Author, naturalist, and public servant Anne Draddy is Baltimore's version of Johnny Appleseed and a historian to boot. As coordinator of TreeBaltimore, a mayoral initiative under the Department of Recreation and Parks, Draddy leads an ambitious effort to double the city's tree canopy from 27 to 40 percent within 30 years. It's not just some Birkenstocked pipe dream. Trees improve air quality, increase property values, and even, Draddy contends, reduce violence and aggression in humans. At least 6,000 trees a year for the past three years have been planted so far, and this year, cuts to the city's street planting budget make Tree Baltimore's outreach to residents and businesses even more important. With her arboreal organizing work and role as co-author of Druid Hill Park: The Heart of Historic Baltimore, Draddy, more than just about anyone, is connecting the dots between Baltimore's natural resources and its history, health, economy and overall livability. Not bad for a city employee.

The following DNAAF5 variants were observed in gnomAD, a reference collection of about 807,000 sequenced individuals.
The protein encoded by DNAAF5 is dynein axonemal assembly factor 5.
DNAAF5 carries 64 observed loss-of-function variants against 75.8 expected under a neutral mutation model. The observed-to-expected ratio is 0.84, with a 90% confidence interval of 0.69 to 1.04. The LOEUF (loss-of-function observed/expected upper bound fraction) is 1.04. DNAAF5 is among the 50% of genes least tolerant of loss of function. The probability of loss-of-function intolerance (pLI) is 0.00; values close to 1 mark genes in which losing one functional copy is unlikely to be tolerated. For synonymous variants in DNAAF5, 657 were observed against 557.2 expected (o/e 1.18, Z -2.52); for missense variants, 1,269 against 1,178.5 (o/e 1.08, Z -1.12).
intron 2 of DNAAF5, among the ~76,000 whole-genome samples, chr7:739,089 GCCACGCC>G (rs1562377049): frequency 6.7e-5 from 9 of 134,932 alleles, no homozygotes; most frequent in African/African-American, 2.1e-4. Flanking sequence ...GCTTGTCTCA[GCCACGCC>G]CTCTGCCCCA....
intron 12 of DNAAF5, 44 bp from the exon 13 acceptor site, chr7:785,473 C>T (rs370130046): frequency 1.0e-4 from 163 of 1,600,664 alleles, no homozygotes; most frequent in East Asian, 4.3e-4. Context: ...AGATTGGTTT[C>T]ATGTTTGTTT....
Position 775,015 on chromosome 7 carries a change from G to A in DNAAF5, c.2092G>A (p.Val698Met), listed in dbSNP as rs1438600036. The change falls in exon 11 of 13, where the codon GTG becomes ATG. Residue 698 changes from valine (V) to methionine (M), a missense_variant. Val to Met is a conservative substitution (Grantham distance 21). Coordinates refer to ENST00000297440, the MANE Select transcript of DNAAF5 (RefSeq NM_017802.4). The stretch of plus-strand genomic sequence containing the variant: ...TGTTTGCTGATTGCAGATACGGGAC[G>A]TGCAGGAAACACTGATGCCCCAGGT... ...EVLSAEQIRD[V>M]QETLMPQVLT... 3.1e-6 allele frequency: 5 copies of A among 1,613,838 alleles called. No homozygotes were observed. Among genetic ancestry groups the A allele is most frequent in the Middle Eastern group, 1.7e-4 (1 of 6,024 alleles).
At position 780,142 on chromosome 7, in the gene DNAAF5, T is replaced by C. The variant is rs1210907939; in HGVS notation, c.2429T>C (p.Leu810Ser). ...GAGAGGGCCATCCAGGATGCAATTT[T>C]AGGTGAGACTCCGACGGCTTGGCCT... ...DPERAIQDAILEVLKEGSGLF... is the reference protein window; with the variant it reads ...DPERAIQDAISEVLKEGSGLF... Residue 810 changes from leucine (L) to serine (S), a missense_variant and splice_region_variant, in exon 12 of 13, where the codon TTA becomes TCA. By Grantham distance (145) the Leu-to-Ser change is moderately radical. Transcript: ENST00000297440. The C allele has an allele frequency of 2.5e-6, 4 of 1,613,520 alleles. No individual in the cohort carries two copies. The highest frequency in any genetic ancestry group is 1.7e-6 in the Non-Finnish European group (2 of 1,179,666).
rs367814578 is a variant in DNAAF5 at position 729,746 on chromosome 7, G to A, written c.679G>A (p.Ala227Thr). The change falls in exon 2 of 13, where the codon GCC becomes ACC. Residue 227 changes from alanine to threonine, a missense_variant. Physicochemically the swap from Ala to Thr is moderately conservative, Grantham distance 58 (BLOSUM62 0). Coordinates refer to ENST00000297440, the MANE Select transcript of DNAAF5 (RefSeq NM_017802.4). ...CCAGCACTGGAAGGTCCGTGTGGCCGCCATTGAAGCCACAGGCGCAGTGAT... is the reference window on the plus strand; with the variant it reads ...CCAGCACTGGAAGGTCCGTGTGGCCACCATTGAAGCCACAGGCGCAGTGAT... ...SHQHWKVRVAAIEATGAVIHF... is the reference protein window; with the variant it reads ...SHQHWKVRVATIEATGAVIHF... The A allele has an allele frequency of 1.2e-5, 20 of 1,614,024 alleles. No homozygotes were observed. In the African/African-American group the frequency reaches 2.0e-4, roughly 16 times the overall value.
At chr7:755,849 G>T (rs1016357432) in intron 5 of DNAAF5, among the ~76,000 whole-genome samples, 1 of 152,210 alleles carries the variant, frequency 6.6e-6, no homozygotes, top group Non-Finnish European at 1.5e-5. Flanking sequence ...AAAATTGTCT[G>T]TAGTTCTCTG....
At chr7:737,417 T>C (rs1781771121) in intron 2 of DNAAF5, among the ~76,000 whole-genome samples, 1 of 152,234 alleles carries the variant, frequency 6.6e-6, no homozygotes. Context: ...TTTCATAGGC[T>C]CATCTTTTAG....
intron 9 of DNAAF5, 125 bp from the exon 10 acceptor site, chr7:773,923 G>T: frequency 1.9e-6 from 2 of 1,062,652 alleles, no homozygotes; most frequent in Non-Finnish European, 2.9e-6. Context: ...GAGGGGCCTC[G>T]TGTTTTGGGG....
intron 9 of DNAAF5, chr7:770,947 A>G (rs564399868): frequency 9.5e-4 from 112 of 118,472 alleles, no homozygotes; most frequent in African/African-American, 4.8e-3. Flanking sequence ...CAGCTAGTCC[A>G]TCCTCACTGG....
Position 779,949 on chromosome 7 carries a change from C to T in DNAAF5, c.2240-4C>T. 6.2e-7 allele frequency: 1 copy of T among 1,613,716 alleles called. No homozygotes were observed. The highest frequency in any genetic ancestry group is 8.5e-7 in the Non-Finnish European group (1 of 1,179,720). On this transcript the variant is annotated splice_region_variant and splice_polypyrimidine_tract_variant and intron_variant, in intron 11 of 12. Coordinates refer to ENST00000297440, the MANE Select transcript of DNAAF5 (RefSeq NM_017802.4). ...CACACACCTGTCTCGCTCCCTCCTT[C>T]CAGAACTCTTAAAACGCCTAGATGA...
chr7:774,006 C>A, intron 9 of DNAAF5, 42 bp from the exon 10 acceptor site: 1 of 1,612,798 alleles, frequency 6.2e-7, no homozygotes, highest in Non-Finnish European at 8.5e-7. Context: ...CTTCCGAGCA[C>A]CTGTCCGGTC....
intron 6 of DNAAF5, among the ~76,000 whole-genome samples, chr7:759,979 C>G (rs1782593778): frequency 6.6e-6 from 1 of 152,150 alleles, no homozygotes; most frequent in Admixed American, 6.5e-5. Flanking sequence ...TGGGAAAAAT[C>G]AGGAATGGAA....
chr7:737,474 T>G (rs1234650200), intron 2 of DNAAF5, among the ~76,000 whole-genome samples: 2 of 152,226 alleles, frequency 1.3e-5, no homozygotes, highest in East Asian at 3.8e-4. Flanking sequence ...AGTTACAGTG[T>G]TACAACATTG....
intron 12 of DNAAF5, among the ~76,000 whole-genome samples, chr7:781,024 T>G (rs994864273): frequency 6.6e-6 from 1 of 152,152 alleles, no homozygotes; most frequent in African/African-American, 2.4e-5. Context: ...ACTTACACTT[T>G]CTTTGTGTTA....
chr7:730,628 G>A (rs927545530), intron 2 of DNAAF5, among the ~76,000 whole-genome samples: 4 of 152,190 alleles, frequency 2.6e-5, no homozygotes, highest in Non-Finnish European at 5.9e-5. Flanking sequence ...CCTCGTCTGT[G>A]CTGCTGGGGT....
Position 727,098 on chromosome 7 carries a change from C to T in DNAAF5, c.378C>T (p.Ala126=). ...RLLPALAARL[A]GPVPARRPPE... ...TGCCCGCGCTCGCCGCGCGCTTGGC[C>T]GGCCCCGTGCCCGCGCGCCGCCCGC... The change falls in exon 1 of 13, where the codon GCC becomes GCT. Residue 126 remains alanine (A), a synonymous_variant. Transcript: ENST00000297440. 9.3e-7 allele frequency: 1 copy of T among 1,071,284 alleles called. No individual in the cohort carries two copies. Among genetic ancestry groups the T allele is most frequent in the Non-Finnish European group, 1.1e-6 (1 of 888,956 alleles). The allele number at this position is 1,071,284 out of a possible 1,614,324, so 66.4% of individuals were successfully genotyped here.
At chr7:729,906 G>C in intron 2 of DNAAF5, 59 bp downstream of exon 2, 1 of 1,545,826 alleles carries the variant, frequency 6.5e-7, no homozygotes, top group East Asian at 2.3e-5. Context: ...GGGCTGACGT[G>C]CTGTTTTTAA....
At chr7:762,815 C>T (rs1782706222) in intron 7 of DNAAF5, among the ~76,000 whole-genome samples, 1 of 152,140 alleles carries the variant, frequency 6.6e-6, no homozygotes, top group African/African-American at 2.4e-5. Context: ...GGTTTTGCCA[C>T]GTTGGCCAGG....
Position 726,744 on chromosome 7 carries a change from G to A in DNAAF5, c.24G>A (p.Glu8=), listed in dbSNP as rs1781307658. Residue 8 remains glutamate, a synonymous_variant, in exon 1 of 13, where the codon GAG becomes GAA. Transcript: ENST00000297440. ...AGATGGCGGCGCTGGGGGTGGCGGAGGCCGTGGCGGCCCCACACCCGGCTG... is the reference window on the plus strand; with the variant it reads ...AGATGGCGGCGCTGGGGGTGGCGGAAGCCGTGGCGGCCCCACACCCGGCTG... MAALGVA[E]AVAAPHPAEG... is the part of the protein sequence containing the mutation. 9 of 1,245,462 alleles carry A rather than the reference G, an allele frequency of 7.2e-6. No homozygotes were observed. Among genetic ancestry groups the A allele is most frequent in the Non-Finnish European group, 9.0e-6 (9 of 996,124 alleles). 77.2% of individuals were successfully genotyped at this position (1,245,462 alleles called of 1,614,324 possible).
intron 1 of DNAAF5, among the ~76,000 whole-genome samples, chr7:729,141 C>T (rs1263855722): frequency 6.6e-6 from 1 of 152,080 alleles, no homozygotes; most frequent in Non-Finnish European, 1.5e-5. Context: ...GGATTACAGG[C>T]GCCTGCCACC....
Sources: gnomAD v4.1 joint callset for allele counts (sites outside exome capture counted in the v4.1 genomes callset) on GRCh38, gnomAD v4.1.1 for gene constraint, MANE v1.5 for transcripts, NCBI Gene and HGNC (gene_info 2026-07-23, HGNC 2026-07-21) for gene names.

Best Escape to the Tropics
The Howard Peters Rawlings Conservatory and Botanic Gardens of Baltimore
3100 Swan Drive, Druid Hill Park, (410) 396-0008, baltimoreconservatory.org